A simple screening tool developed in Denmark can detect four times more people with tuberculosis (TB) than previously. The tool can save many lives in low-income countries, says a researcher.
Although Denmark has fewer cases of TB, some countries have many. Until COVID-19 arrived, the world’s deadliest disease was TB, which is caused by Mycobacterium tuberculosis.
New research in Denmark shows that a simple screening tool detects many more people with TB so that they can get treated – and survive.
The screening tool, developed by researchers at Aarhus University and Aarhus University Hospital and others and tested in Ethiopia and Guinea-Bissau, detects four times as many cases of TB than previous methods, presenting many more opportunities for treating them before TB becomes serious – and may kill them.
“TB is the infectious disease that kills the most people worldwide and so much work still needs to be done to reduce infection. Doctors in many countries need to be better equipped to detect people with TB, and our screening tool can help,” explains a researcher behind the new study, Christian Wejse, Associate Professor, Aarhus University and Staff Specialist, Aarhus University Hospital.
The research results have been published in the International Journal of Infectious Diseases.
TB killed nearly as many people as COVID-19 in 2020
In Denmark, 300–400 people per year develop TB. Fortunately, Denmark has excellent treatment options, but the mortality rate is still 5%.
However, the situation is completely different in countries in Africa and Asia. Globally, ten million people develop TB annually, and 1.3 million people died from it in 2020. This was nearly the same as the number of people dying with COVID-19, which has disrupted the whole world.
One challenge in reducing the number of people dying from TB is access to treatment, but an equally great challenge is diagnosis, and here the new results can be useful.
“Many countries have overburdened healthcare systems with insufficient resources to thoroughly examine people with a slight cough and fever. This normally just triggers a diagnosis of pneumonia and then people can have untreated TB for a long time,” says Christian Wejse.
Difficult to diagnose
Diagnosing TB requires doctors to suspect TB. However, the symptoms do not greatly differ from those of many other diseases: cough, weight loss, shortness of breath and a slight fever. These symptoms are insidious, so doctors need to diagnose by examining a sputum sample, mostly available under a microscope, or by more advanced methods.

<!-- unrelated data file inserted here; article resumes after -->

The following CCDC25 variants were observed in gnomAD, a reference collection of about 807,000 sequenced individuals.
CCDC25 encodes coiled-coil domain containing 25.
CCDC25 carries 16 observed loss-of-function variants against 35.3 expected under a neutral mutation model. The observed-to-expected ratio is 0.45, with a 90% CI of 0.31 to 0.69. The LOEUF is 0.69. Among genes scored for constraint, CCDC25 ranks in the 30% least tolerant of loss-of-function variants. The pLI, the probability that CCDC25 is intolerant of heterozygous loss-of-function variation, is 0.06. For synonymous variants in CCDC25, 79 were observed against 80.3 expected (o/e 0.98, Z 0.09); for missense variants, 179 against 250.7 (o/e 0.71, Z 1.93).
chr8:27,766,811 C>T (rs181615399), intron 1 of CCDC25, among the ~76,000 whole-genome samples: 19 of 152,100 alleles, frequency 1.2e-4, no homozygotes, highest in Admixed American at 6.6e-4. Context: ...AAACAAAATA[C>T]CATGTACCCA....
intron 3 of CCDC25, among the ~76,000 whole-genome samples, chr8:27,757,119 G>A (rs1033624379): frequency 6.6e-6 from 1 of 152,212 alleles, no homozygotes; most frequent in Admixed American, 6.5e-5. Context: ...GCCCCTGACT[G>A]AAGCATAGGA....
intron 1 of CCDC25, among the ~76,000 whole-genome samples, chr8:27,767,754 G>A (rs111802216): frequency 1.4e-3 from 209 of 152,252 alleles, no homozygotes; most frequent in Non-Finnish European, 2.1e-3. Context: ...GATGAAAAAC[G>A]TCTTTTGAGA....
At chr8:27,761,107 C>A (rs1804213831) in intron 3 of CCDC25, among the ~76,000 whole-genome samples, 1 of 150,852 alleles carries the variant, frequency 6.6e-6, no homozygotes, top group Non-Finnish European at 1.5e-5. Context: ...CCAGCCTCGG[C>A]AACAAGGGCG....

However, referral for microscopy is rare in many healthcare systems because of insufficient resources.
“A systematic approach is therefore required to enable doctors to identify signs of TB more rapidly and then refer patients for further investigation,” explains Christian Wejse.
After examination and diagnosis, treatment is long term with four types of antibiotics but is fortunately so inexpensive that most countries can afford it.
Scoring system identifies TB
The new tool systematizes and simplifies diagnosis.
The researchers studied a TB scoring system through a randomized trial with doctors in Ethiopia and Guinea-Bissau in hospitals and clinics.
The doctors examined people who might have TB for nine symptoms and signs, including cough, fever and weight loss. For example, people with very low weight or thin arms get two points and other more discrete symptoms and signs get one point. The doctor then calculates the score, and patients who score 3 or more points are referred for further investigation of TB.
“This score systematically ensures that doctors examine the patients and also investigate some more discrete symptoms and signs that are not usually linked to TB, and more people are therefore referred for further investigation,” says Christian Wejse.
Success in Ethiopia – but not in Guinea-Bissau
The trial in Ethiopia was very successful, with many clinics using the scoring system for 2 years. The system increased the percentage of clinic attendees diagnosed with TB from 1% to 4%.
“This is a very satisfactory result. The study emphasizes that finding the patients with the relevant symptoms and signs and ensuring that they are examined will actually detect more people with TB and ensure that they receive the necessary treatment,” explains Christian Wejse.
However, the results in Guinea-Bissau also showed that a scoring system is not enough. The doctors could not keep up with the number of cases referred for investigation of TB.
“They did not detect more people with TB because they did not examine them further. We therefore conclude that this scoring system can help in countries with a reasonably well-functioning healthcare system that can easily be scaled up , whereas countries with overburdened healthcare systems need more initiatives to detect and treat more people with TB,” concludes Christian Wejse.